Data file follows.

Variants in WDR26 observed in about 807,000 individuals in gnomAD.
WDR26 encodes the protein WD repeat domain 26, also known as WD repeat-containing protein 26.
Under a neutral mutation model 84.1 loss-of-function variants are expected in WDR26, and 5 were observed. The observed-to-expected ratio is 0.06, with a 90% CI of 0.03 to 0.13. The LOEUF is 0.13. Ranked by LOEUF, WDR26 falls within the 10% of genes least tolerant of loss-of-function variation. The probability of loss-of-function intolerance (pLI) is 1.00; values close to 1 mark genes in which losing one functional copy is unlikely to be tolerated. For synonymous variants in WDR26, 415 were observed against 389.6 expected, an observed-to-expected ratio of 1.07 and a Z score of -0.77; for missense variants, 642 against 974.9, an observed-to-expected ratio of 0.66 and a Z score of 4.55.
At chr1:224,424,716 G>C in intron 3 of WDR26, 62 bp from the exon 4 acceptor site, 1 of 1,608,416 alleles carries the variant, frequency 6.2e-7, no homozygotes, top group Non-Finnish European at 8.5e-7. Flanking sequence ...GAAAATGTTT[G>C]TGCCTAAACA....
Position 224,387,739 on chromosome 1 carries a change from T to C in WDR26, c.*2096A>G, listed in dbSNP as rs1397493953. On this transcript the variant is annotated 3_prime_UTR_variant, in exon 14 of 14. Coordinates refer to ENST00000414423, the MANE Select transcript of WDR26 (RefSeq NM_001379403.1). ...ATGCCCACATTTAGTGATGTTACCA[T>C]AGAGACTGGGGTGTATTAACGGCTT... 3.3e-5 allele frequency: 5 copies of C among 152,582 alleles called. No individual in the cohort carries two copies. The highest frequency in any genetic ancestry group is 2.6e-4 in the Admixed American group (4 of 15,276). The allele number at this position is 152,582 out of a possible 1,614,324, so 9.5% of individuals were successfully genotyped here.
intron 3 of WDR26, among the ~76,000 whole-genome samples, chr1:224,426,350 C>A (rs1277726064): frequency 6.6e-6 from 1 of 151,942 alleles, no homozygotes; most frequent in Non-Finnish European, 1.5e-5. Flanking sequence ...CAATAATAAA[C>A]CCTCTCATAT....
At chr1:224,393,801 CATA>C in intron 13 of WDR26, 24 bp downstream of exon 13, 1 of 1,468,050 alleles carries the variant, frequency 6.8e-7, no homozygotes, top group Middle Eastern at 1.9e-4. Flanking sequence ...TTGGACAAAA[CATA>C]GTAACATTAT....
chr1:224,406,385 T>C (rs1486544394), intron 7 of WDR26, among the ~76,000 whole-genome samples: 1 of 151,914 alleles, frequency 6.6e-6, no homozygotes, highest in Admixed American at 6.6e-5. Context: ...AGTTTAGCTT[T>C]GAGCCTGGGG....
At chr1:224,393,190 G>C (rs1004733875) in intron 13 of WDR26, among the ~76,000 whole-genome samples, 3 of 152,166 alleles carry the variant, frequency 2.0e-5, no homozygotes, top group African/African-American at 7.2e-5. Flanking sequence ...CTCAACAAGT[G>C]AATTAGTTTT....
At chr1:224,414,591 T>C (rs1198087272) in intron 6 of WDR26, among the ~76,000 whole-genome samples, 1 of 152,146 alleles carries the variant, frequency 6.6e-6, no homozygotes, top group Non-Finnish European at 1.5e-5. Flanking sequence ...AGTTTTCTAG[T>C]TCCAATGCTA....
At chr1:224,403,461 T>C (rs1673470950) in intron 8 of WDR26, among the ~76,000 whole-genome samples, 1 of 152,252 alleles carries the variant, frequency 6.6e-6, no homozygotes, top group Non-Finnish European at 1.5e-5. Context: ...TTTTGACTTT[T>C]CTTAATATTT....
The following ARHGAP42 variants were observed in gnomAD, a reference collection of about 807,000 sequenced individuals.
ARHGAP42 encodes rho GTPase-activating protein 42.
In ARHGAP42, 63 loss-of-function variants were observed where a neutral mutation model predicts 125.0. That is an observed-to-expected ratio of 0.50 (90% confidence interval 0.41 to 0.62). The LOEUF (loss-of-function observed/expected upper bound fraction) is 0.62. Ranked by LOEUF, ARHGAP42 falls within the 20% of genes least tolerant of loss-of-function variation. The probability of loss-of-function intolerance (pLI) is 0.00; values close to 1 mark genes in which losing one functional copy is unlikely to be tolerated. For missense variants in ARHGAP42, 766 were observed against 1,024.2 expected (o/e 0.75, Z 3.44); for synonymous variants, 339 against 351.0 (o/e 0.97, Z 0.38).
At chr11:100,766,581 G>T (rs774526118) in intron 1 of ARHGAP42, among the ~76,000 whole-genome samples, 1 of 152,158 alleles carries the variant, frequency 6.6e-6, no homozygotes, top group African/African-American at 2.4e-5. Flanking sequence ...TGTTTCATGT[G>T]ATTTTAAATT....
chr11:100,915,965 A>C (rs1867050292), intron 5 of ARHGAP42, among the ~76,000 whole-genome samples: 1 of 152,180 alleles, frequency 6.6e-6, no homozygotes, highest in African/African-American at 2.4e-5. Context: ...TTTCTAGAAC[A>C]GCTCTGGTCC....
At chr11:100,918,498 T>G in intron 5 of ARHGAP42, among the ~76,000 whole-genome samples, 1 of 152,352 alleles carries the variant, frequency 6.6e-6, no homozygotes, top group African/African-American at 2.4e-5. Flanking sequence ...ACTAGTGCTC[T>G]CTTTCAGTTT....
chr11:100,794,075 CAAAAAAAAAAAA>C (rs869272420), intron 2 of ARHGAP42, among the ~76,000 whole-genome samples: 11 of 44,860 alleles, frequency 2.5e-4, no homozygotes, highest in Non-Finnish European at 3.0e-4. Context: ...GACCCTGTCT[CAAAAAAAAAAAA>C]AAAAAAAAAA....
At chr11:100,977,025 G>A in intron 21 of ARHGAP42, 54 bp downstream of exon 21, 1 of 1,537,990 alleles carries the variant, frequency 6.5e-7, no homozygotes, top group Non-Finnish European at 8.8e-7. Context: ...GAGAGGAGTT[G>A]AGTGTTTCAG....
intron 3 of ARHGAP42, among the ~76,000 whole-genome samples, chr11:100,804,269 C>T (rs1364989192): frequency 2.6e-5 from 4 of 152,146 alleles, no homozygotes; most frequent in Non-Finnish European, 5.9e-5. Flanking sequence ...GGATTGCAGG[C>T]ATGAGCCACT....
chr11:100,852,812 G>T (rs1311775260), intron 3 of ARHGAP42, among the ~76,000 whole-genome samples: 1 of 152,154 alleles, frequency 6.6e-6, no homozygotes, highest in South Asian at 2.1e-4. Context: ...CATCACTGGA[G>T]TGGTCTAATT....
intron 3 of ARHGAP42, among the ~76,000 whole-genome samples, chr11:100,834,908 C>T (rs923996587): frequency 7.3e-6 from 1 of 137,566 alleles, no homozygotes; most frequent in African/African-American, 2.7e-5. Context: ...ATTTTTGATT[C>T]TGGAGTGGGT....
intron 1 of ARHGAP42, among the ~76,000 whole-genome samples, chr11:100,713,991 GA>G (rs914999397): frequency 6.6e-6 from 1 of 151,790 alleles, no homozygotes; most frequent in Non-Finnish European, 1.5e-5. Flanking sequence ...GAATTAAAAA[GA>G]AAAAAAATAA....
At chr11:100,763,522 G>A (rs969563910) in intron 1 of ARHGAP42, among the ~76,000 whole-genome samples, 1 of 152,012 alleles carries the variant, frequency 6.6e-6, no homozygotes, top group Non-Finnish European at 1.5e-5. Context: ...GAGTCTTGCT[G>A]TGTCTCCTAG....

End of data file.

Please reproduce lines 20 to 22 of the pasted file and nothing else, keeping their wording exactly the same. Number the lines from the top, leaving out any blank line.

intron 3 of ARHGAP42, among the ~76,000 whole-genome samples, chr11:100,804,269 C>T (rs1364989192): frequency 2.6e-5 from 4 of 152,146 alleles, no homozygotes; most frequent in Non-Finnish European, 5.9e-5. Flanking sequence ...GGATTGCAGG[C>T]ATGAGCCACT....
chr11:100,852,812 G>T (rs1311775260), intron 3 of ARHGAP42, among the ~76,000 whole-genome samples: 1 of 152,154 alleles, frequency 6.6e-6, no homozygotes, highest in South Asian at 2.1e-4. Context: ...CATCACTGGA[G>T]TGGTCTAATT....
intron 3 of ARHGAP42, among the ~76,000 whole-genome samples, chr11:100,834,908 C>T (rs923996587): frequency 7.3e-6 from 1 of 137,566 alleles, no homozygotes; most frequent in African/African-American, 2.7e-5. Context: ...ATTTTTGATT[C>T]TGGAGTGGGT....